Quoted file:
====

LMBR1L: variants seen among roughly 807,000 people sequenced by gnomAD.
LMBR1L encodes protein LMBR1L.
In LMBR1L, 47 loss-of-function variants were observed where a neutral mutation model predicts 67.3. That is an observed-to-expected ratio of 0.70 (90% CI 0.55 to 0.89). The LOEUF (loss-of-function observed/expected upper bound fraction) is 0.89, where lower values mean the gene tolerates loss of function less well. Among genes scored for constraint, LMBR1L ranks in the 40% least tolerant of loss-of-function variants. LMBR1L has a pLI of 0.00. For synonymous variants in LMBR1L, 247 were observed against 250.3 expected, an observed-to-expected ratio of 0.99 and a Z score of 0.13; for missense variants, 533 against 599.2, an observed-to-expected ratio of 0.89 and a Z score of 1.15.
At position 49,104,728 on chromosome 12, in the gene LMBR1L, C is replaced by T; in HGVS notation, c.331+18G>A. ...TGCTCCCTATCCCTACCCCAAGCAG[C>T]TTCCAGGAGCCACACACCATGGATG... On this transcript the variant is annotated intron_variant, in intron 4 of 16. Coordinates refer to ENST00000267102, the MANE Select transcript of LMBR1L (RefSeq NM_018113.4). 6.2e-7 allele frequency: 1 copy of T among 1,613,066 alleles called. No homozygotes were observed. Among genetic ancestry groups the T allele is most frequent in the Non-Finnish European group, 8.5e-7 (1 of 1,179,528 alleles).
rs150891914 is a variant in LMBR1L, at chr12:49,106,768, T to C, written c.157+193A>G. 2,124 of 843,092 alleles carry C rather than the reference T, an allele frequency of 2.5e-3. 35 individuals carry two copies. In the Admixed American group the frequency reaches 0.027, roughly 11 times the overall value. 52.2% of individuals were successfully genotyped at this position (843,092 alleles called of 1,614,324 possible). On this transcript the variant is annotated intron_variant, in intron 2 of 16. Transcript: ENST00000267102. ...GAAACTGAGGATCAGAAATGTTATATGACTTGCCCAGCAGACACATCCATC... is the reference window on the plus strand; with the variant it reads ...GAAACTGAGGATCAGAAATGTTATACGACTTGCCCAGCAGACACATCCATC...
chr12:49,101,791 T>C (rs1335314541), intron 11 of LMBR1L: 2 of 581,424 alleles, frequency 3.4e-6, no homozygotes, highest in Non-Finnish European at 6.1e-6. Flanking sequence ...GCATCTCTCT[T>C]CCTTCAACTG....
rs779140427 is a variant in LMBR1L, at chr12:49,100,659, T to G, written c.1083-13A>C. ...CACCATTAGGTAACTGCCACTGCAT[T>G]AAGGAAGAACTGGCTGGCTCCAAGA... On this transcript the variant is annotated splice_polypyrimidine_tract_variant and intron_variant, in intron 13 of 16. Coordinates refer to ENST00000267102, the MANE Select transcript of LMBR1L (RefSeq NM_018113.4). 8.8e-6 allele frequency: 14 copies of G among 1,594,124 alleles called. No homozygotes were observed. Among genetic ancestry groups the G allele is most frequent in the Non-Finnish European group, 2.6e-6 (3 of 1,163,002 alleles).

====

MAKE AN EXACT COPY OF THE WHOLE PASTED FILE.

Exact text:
LMBR1L: variants seen among roughly 807,000 people sequenced by gnomAD.
LMBR1L encodes protein LMBR1L.
In LMBR1L, 47 loss-of-function variants were observed where a neutral mutation model predicts 67.3. That is an observed-to-expected ratio of 0.70 (90% CI 0.55 to 0.89). The LOEUF (loss-of-function observed/expected upper bound fraction) is 0.89, where lower values mean the gene tolerates loss of function less well. Among genes scored for constraint, LMBR1L ranks in the 40% least tolerant of loss-of-function variants. LMBR1L has a pLI of 0.00. For synonymous variants in LMBR1L, 247 were observed against 250.3 expected, an observed-to-expected ratio of 0.99 and a Z score of 0.13; for missense variants, 533 against 599.2, an observed-to-expected ratio of 0.89 and a Z score of 1.15.
At position 49,104,728 on chromosome 12, in the gene LMBR1L, C is replaced by T; in HGVS notation, c.331+18G>A. ...TGCTCCCTATCCCTACCCCAAGCAG[C>T]TTCCAGGAGCCACACACCATGGATG... On this transcript the variant is annotated intron_variant, in intron 4 of 16. Coordinates refer to ENST00000267102, the MANE Select transcript of LMBR1L (RefSeq NM_018113.4). 6.2e-7 allele frequency: 1 copy of T among 1,613,066 alleles called. No homozygotes were observed. Among genetic ancestry groups the T allele is most frequent in the Non-Finnish European group, 8.5e-7 (1 of 1,179,528 alleles).
rs150891914 is a variant in LMBR1L, at chr12:49,106,768, T to C, written c.157+193A>G. 2,124 of 843,092 alleles carry C rather than the reference T, an allele frequency of 2.5e-3. 35 individuals carry two copies. In the Admixed American group the frequency reaches 0.027, roughly 11 times the overall value. 52.2% of individuals were successfully genotyped at this position (843,092 alleles called of 1,614,324 possible). On this transcript the variant is annotated intron_variant, in intron 2 of 16. Transcript: ENST00000267102. ...GAAACTGAGGATCAGAAATGTTATATGACTTGCCCAGCAGACACATCCATC... is the reference window on the plus strand; with the variant it reads ...GAAACTGAGGATCAGAAATGTTATACGACTTGCCCAGCAGACACATCCATC...
chr12:49,101,791 T>C (rs1335314541), intron 11 of LMBR1L: 2 of 581,424 alleles, frequency 3.4e-6, no homozygotes, highest in Non-Finnish European at 6.1e-6. Flanking sequence ...GCATCTCTCT[T>C]CCTTCAACTG....
rs779140427 is a variant in LMBR1L, at chr12:49,100,659, T to G, written c.1083-13A>C. ...CACCATTAGGTAACTGCCACTGCAT[T>G]AAGGAAGAACTGGCTGGCTCCAAGA... On this transcript the variant is annotated splice_polypyrimidine_tract_variant and intron_variant, in intron 13 of 16. Coordinates refer to ENST00000267102, the MANE Select transcript of LMBR1L (RefSeq NM_018113.4). 8.8e-6 allele frequency: 14 copies of G among 1,594,124 alleles called. No homozygotes were observed. Among genetic ancestry groups the G allele is most frequent in the Non-Finnish European group, 2.6e-6 (3 of 1,163,002 alleles).